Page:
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115–3. Traveling expenses on inter-island steamships in Hawaii.Whenever by or under authority of law actual expenses for travel may be allowed to officers and employees of the United States, such allowance, in the case of travel after the date of the enactment of this Act (Revenue Act of 1938] on inter-island steamships in the Territory of Hawaii, shall not exceed the rate for accommodations on such steamships equivalent as nearly as may be to the lowest firstclass accommodations on transpacific steamships. The maximum fixed by this section shall be in lieu of the maximum fixed by section 10 of the Treasury and Post Office Appropriation Act for the fiscal year ending June 30, 1934 (47 Stat. 1516). (May 28, 1938, title V, sec. 811, 52 Stat. 577; 5 U. S. C., sec. 73e.

115-4. Allotment of pay by civilian officers and employees stationed abroad authorized.—That the heads of the executive departments and establishments of the United States, under such regulations as they may prescribe, be, and are hereby, authorized to permit civilian officers and employees, during such time as they may be assigned for duty outside the continental limits of the United States, to make allotments, in whole or in part, from their pay, for the support of their families or relatives, for their own savings, or for other similar purposes. (May 14, 1937, 50 Stat. 166; 5 U. S. C., sec. 75c.

115–5. Holidays of employees by day, hour, or piece; pay.--That hereafter whenever regular employees of the Federal Government whose compensation is fixed at a rate per day, per hour, or on a piecework basis are relieved or prevented from working solely because of the occurrence of a holiday such as New Year's Day, Washington's Birthday, Memorial Day, Fourth of July, Labor Day, Thanksgiving Day, Christmas Day, or any other day declared a holiday by Federal statute or Executive order, or any day on which the departments and establishments of the Government are closed by Executive order, they shall receive the same pay for such days as for other days on which an ordinary day's work is performed. (June 29, 1938, sec. 1, 52 Stat. 1246; 5 U.S.C., sec. 86a.)

The joint resolution of January 6, 1885 (U. S. C., title 5, sec. 86), and all other laws inconsistent or in conflict with the provisions of this Act are hereby repealed to the extent of such inconsistency or conflict. (June 29, 1938, sec. 2, 52 Stat. 1247; 5 U. S. C., sec. 86a note.)

115–6. Same; Armistice Day.—That the 11th day of November in each year, a day to be dedicated to the cause of world peace and to be hereafter celebrated and known as Armistice Day, is hereby made a legal public holiday to all intents and purposes and in the same manner as the 1st day of January, the 22d day of February, the 30th day of May, the 4th day of July, the first Monday of September, and Christmas Day are now made by law public holidays. (May 13, 1938, 52 Stat. 351; 5 U. S. C., sec. 87a.)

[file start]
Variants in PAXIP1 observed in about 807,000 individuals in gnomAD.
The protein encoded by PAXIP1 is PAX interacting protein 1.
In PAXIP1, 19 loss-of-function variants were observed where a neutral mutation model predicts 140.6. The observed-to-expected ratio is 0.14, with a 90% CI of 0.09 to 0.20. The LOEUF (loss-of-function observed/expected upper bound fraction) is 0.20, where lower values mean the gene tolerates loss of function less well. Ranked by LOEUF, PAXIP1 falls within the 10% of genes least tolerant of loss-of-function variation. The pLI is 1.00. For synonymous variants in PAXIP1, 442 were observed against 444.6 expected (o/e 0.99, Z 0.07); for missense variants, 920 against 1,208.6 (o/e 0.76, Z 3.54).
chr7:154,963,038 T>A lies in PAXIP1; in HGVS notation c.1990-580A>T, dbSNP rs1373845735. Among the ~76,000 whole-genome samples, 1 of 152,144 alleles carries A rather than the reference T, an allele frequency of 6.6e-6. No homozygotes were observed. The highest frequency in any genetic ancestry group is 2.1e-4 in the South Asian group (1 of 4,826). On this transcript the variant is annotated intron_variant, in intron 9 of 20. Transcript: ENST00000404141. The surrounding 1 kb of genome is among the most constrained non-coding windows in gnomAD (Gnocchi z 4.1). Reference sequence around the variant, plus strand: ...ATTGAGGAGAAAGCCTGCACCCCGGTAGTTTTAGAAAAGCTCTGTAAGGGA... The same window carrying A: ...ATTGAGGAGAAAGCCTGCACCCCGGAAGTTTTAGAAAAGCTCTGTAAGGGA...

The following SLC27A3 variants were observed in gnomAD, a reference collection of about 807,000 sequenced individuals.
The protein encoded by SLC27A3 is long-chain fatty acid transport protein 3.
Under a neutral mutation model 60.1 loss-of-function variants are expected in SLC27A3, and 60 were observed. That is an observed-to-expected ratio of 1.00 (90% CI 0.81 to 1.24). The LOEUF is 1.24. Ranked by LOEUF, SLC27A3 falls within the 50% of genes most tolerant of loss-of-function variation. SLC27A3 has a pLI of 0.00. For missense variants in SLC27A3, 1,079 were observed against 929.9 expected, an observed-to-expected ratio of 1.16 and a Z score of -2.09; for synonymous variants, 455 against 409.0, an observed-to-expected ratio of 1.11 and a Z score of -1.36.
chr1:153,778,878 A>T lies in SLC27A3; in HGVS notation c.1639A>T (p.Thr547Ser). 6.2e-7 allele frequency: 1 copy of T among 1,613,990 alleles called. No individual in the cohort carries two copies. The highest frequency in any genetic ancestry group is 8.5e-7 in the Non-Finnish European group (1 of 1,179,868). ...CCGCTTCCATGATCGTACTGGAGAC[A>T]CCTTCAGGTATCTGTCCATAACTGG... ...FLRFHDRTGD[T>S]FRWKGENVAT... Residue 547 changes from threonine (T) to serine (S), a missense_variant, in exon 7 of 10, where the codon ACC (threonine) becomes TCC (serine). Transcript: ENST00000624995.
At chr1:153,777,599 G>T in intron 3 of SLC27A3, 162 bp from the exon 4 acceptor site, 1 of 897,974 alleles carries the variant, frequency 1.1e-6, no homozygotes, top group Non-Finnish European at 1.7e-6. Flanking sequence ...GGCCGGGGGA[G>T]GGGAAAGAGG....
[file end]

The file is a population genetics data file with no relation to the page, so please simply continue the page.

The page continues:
115–7. Exchange of refrigerators, temperature control devices, watchmen's clocks, etc.—That any Government department is authorized to exchange used parts of mechanical refrigerators, hermetically sealed refrigerating units, temperature control devices, and watchmen's clocks as payment, in full or in part, for new or reconditioned parts to be used for the same purpose as those proposed to be exchanged. (Apr. 15, 1937, 50 Stat. 64; 5 U. S. C., sec. 118d.)

115–8. Detail of United States employees to Governments of American Republics, Philippines and Liberia authorized.—That the President of the United States be, and hereby is, authorized, whenever he finds that the public interest renders such a course advisable, upon agreement with the government of any other American republic or the Government of the Commonwealth of the Philippine Islands, or the Government of Liberia, if such government is desirous of obtaining the services of a person having special scientific or other technical or professional qualifications, other than those persons covered by the Act of May 19, 1926 (44 Stat. 565), as amended by the Act of May 14, 1935 (49 Stat. 218), from time to time to detail for temporary service of not exceeding one year at a time, under such government, any such person in the employ of the Government of the United States: Provided, That the President may, in extraordinary circumstances, extend the period of such detail for one or more additional periods of not to exceed six months each: Provided further, That while so detailed, such person shall be considered, for the purpose of preserving his rights and privileges as such, an officer or employee of the Government of the United States and of the department or agency from which detailed and shall continue to receive therefrom compensation, and he may receive additional compensation from the department or agency from which detailed not to exceed 50 per centum of the compensation he was receiving as an officer or employee of the United States at the time of detail, and shall receive from the United States reimbursement for travel expenses to and from the place of detail and monthly allowances determined by the President to be adequate for quarters and subsistence during the period of such detail. The additional compensation, travel expenses, and other allowances authorized by this Act to be paid to any such officer or employee shall be paid from any appropriations available for the payment of compensation and travel expenses of the officers and employees of the department or agency from which he is detailed: Provided, however, that if any government to which a detail is authorized by this Act shall express the desire to reimburse this Government in whole or in part for the expenses of such detail, the President is authorized, when he deems it in the public interest, to accept such reimbursement and the amount so received may be credited to (a) appropriations current at the time the expenses of such detail are to be or have been paid, (b) appropriations current at the time such amounts are received, or (c) in part as provided under (a) and in part as provided under (b) hereof; and such amount shall be available for the purposes of the appropriations to which credited: And provided further, That if any such government shall express the desire to provide advances of funds to be used by this Government, in whole or in part for the expenses of such detail, the President is authorized, when he deems it in the public interest, to accept such advances of funds, and the amounts so received may be established as a trust fund, to be available for the purpose and under the provisions of this Act until the termination of the detail; any unexpended balance of the trust fund to be returned to the foreign government making the advance. (May 25, 1938, 52 Stat. 442, as amended May 3, 1939, 53 Stat. 652; 5 U. S. C., sec. 118e.)